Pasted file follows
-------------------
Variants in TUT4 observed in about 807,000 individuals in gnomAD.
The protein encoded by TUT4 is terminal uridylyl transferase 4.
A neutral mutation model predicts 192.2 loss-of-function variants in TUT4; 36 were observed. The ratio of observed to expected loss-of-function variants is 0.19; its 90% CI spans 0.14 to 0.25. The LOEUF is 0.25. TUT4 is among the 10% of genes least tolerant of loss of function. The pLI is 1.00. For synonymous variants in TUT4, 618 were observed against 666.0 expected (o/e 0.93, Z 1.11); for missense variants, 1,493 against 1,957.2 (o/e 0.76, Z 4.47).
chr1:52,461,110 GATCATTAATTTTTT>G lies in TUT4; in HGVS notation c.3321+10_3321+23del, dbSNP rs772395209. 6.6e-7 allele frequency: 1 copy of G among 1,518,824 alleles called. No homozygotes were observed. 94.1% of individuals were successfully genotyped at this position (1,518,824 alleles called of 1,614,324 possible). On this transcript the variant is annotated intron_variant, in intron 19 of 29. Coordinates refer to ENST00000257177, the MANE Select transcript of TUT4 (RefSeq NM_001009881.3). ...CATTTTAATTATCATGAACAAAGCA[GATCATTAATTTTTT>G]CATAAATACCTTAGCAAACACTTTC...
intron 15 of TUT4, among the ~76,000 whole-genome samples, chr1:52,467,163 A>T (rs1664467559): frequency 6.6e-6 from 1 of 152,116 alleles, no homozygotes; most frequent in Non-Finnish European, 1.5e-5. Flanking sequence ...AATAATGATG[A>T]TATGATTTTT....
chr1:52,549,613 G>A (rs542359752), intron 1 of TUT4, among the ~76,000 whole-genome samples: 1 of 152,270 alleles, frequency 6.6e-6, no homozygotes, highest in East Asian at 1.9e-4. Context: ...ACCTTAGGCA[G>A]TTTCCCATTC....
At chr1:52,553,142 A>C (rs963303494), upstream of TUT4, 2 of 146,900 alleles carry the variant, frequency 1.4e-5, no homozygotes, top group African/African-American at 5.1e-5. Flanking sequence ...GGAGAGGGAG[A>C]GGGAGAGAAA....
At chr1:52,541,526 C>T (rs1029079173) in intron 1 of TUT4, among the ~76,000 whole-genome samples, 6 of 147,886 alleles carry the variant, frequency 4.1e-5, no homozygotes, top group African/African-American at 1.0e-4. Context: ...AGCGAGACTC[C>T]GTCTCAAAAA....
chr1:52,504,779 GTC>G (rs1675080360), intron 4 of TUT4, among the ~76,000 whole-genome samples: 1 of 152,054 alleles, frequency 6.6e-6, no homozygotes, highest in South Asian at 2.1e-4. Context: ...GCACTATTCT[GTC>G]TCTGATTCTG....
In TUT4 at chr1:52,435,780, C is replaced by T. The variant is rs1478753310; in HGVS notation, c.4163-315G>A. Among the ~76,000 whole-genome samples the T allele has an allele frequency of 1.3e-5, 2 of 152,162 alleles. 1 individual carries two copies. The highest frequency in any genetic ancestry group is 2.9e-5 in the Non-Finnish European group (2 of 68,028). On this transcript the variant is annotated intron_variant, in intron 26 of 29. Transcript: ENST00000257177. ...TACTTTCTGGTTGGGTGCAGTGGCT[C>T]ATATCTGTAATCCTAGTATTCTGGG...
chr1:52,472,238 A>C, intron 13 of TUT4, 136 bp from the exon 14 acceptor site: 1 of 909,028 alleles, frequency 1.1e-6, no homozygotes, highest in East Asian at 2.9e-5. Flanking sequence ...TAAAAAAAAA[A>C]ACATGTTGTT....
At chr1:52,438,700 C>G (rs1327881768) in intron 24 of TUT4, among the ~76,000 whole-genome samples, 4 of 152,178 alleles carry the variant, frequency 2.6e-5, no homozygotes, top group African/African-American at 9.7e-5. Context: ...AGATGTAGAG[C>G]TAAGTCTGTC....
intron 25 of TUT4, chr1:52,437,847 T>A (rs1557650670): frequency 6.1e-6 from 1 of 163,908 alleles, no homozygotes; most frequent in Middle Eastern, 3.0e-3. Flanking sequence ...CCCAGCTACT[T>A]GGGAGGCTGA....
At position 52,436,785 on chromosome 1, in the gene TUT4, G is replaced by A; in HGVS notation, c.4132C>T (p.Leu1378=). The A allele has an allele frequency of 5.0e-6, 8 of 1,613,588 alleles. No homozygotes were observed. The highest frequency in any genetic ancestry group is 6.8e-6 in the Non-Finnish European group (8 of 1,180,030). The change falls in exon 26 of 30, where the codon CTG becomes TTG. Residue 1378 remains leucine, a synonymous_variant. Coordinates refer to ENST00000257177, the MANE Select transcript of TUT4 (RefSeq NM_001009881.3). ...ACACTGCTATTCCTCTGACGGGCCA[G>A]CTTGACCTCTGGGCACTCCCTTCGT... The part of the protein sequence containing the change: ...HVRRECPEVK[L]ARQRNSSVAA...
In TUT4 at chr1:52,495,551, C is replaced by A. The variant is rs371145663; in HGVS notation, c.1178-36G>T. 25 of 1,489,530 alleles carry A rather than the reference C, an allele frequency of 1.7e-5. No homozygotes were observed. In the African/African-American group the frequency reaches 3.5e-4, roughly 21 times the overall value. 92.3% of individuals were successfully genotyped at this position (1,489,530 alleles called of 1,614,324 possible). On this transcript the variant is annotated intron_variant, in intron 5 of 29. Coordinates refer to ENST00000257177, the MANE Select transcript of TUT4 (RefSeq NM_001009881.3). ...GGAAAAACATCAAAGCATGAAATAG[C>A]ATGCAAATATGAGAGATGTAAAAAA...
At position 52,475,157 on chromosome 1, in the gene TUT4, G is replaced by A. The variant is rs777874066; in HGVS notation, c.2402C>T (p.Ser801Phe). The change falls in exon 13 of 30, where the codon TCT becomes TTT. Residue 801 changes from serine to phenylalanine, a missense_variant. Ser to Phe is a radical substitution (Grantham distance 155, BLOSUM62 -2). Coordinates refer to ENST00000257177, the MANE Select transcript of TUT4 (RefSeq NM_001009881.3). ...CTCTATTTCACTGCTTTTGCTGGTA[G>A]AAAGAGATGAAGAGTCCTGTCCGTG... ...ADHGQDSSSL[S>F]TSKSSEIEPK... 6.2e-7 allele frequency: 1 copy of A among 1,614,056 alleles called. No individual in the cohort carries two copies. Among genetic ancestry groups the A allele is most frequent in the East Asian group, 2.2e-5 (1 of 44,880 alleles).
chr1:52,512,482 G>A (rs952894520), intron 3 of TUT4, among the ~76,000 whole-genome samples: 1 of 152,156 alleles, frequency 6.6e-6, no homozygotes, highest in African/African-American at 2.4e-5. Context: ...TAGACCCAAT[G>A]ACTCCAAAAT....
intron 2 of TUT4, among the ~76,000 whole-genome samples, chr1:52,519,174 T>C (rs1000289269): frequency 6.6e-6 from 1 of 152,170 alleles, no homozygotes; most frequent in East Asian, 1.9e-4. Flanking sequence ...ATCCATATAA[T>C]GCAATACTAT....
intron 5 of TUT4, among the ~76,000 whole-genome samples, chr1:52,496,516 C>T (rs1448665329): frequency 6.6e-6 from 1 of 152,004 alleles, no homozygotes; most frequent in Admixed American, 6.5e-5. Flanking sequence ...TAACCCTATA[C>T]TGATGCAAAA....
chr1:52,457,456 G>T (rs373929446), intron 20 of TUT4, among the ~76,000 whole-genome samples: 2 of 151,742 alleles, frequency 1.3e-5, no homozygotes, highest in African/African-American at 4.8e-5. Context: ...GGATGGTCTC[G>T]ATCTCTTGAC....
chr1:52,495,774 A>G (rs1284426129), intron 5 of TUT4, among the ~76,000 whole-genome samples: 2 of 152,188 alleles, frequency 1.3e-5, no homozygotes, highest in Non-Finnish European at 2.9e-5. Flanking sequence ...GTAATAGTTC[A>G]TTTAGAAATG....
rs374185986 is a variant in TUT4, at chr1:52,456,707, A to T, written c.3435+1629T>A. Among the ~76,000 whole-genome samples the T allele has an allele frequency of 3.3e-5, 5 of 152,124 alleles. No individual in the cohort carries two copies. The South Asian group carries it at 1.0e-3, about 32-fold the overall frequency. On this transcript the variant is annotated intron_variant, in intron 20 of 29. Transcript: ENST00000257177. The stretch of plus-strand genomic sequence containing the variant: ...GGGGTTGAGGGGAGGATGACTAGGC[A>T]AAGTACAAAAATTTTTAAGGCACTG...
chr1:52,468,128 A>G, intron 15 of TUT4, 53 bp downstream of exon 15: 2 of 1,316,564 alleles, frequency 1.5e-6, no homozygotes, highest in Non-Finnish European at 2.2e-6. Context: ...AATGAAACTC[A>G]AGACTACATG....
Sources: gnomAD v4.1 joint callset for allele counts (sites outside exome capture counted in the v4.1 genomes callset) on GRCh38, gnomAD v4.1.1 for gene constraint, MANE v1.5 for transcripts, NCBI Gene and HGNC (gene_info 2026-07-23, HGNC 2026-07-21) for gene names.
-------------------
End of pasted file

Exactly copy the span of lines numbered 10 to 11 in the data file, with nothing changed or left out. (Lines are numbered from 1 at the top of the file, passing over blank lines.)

In TUT4 at chr1:52,435,780, C is replaced by T. The variant is rs1478753310; in HGVS notation, c.4163-315G>A. Among the ~76,000 whole-genome samples the T allele has an allele frequency of 1.3e-5, 2 of 152,162 alleles. 1 individual carries two copies. The highest frequency in any genetic ancestry group is 2.9e-5 in the Non-Finnish European group (2 of 68,028). On this transcript the variant is annotated intron_variant, in intron 26 of 29. Transcript: ENST00000257177. ...TACTTTCTGGTTGGGTGCAGTGGCT[C>T]ATATCTGTAATCCTAGTATTCTGGG...
chr1:52,472,238 A>C, intron 13 of TUT4, 136 bp from the exon 14 acceptor site: 1 of 909,028 alleles, frequency 1.1e-6, no homozygotes, highest in East Asian at 2.9e-5. Flanking sequence ...TAAAAAAAAA[A>C]ACATGTTGTT....